The Myanmar Protest And The Power In Solidarity
A sea of bodies is spreading across the country in Myanmar in the largest protest the country has seen since 2007. Thousands of activists in Myanmar are striking against the military coup.
Meanwhile, the Myanmar military—the Tatmadaw—has administered internet shutdowns and arrested more and more protesters. Myanmar police are using water cannons, rubber bullets, and live ammunition to try to disperse protesters. A twenty-year-old protester, Mya Thwe Thwe Khaing, died days ago after being shot in the head by police.
Senior General Min Aung Hlaing, the man responsible for the order to seize power in a coup, addressed the country Monday for the first time since the coup, which started early in February.
Min Aung Hlaing claims that the coup will not change the country’s government policy. He maintains that the coup is administered in a state of emergency and claims that after the “state of emergency provisions have been carried,” Myanmar will “hold a free and fair multiparty democracy general election.”
One theory for why the military staged the coup is that Min Aung Hlaing and others were worried about Aung San Suu Kyi’s plans and her NLD party to bring in major reforms. The NLD had tried to change the constitution before, which was stopped by the military’s which has a 25% hold on parliament.
The coup comes after weeks of the Tatmadaw claiming a rigged election and arresting Elected Leader Aung San Suu Kyi.
The rivalry between the Myanmar military and Former State Counsellor Aung San Suu Kyi, who is leading Myanmar’s pro-democracy movement, has been rising for years. Aung San Suu Kyi has the overwhelming support of Myanmar voters, won two free elections (one in 2015 and one in 2020) in a row, and earned recognition as the opposition’s face.
Aung San Suu Kyi won by over 80% of the vote in November 2020. The military has claimed the election was fraudulent and arrested Elected Leader Aung San Suu Kyi, and members of her party, seizing control and declaring a year-long state of emergency.
Rory Mungoven, Asia Pacific Section Chief UN Human Rights Office, told Aljazeera, “People have enjoyed 10 years of much greater freedom in terms of information, media, social media, communication, civil society organizations, and it’s difficult to put that back in the bottle.”
A Comparison to the Tumult in Hong Kong to Myanmar Protest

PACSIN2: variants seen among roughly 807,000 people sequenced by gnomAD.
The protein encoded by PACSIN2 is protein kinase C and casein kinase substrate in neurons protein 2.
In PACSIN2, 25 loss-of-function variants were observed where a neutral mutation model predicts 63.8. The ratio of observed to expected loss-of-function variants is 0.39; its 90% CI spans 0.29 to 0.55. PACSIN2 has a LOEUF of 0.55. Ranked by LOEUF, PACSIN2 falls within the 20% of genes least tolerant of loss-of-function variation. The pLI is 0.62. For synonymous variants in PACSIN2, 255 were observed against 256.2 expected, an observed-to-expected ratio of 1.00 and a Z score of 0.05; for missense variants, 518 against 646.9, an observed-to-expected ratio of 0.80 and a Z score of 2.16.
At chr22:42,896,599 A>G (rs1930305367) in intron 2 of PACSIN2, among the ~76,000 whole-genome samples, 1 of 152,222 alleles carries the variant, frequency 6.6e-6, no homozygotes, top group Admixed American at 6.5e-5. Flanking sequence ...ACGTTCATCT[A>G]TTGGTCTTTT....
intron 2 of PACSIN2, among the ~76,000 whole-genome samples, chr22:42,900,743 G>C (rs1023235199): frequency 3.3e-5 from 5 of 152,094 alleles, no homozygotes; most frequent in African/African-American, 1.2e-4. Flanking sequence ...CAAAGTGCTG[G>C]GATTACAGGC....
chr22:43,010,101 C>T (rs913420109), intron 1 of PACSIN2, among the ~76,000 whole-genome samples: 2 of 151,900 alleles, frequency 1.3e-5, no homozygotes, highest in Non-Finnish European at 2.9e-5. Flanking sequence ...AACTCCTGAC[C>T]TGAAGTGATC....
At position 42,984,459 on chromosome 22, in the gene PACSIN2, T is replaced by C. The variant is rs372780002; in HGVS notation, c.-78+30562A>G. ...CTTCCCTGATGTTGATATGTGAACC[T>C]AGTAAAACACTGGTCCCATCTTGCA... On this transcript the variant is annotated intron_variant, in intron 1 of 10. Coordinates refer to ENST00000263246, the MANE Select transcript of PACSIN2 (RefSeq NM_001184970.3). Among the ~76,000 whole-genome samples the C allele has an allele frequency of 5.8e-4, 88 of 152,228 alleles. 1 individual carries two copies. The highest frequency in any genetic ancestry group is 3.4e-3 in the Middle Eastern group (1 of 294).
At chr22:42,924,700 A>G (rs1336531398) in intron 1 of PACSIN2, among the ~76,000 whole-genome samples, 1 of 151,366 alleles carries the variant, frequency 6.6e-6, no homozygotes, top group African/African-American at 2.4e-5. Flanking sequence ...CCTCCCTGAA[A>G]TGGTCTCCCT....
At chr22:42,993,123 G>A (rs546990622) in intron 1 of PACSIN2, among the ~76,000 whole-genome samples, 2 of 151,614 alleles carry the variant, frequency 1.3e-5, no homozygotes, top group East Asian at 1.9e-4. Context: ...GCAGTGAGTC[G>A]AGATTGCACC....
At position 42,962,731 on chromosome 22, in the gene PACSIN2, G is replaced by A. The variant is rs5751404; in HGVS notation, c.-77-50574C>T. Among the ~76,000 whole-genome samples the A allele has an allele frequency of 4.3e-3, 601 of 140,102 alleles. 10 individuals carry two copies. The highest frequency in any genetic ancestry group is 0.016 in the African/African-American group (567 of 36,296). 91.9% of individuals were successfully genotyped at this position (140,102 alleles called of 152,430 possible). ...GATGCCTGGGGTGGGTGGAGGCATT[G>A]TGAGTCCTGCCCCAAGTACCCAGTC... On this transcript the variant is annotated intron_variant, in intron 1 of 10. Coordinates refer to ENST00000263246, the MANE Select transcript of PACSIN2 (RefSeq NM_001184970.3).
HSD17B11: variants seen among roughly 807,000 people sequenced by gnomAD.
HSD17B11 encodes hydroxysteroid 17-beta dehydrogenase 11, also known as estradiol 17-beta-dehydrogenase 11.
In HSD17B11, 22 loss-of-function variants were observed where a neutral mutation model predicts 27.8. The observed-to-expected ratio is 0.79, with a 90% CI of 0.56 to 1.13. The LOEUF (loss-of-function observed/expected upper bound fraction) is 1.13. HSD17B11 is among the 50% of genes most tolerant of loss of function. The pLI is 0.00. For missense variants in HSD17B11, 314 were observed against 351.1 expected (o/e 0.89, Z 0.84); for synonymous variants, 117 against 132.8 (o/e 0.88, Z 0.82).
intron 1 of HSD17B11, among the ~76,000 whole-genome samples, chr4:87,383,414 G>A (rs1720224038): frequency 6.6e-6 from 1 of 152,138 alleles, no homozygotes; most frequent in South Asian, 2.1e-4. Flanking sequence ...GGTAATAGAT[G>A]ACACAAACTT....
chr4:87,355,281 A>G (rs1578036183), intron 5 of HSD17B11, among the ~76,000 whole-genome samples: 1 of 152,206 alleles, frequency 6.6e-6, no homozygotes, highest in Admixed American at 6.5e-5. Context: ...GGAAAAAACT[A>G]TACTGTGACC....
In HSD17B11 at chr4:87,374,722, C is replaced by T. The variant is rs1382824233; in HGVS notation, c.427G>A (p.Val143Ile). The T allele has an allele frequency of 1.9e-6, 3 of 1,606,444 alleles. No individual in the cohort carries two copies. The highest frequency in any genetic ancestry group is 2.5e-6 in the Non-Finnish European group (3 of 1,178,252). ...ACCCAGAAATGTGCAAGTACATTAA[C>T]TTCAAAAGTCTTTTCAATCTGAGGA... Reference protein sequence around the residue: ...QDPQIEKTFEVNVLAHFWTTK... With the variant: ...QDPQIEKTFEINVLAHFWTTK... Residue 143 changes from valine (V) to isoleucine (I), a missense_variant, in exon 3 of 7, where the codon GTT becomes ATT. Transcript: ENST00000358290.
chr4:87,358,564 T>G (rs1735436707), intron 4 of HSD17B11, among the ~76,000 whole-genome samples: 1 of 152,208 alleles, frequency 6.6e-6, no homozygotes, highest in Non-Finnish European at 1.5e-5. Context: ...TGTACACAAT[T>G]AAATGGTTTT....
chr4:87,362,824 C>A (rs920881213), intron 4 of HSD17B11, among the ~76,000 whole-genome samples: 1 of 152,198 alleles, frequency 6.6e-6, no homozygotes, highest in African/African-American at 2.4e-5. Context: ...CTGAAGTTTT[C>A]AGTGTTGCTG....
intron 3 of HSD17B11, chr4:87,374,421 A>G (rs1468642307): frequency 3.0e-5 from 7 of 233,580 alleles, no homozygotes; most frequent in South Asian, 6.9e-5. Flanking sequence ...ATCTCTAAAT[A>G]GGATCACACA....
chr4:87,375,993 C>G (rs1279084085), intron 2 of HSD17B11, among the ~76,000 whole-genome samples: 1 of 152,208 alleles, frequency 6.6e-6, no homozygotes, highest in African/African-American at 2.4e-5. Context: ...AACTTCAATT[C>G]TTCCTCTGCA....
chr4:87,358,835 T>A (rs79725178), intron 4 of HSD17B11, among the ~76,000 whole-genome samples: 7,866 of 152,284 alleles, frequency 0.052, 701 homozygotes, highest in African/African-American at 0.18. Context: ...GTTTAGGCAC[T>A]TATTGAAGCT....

In 2019 the people of Hong Kong began protesting in record-breaking numbers. Hundreds of thousands of Hong Kong activists demonstrated to fight to preserve the freedoms of Hong Kong citizens and to protest China’s power over Hong Kong. According to the New York Times, over a million people marched on June 9, 2019, and nearly two million in a second June march.
In July, Hong Kong activists marched in protest against police brutality, smashing the local legislature’s windows. Violent clashes between protestors and police became routine. In August, protesters staged sit-ins at Hong Kong’s airport to block travelers.
The political demonstrations were triggered by a bill proposed by Hong Kong’s government in 2019. The bill would allow Hong Kong to transfer suspects of crimes to Taiwan and mainland China. According to protesters and human rights experts, the extradition law threatened Hong Kong’s liberties.
“Where there’s no fair trial, there’s no humane punishment, and there’s completely no separation of powers,” Pro-democracy legislator Claudia Mo told Vox in 2019.
Tensions between Hong Kong and Mainland China are deeply rooted in a complex political relationship. The extradition bill, according to protestors, threatened to give China more power over Hong Kong.
In November 2019, pro-democracy candidates won the majority of seats in local district council elections. This was a win for Hong Kong’s movement, and protests subsided for weeks while democracy supporters celebrated. Protests briefly restarted before coming to a halt in response to the coronavirus.
There have been some smaller demonstrations since the pause in response to the pandemic, but the threats to civil liberties denounced by protestors have remained largely unresolved.
What are the differences and similarities between the Myanmar protests and the Hong Kong protests?
The pro-democracy protests may have inspired some Myanmar protesters in Hong Kong.
According to Reuters, some Myanmar protesters have used protest tactics and utilized organizational hashtags borrowed from Hong Kong campaigners.
“There’s power in solidarity,” a Hong Kong activist told Reuters. Social media platforms allow pro-democracy advocates in both countries to support one another, which may be why the military in Myanmar has countered protests by shutting down the internet.
Hong Kong and Myanmar are engaged in a struggle with their governing bodies for the same thing: civil liberties. Beijing has tightened its grip on Hong Kong in recent years, while Hong Kong continues to fight for democracy.
Likewise, Myanmar’s history is one of a struggle for freedom. Myanmar suffered fifty years under military rule and overcame that rule to vote in pro-democracy leader Aung San Suu Kyi. Therefore Myanmar may have an advantage against the newly staged military coup: it’s been through this before.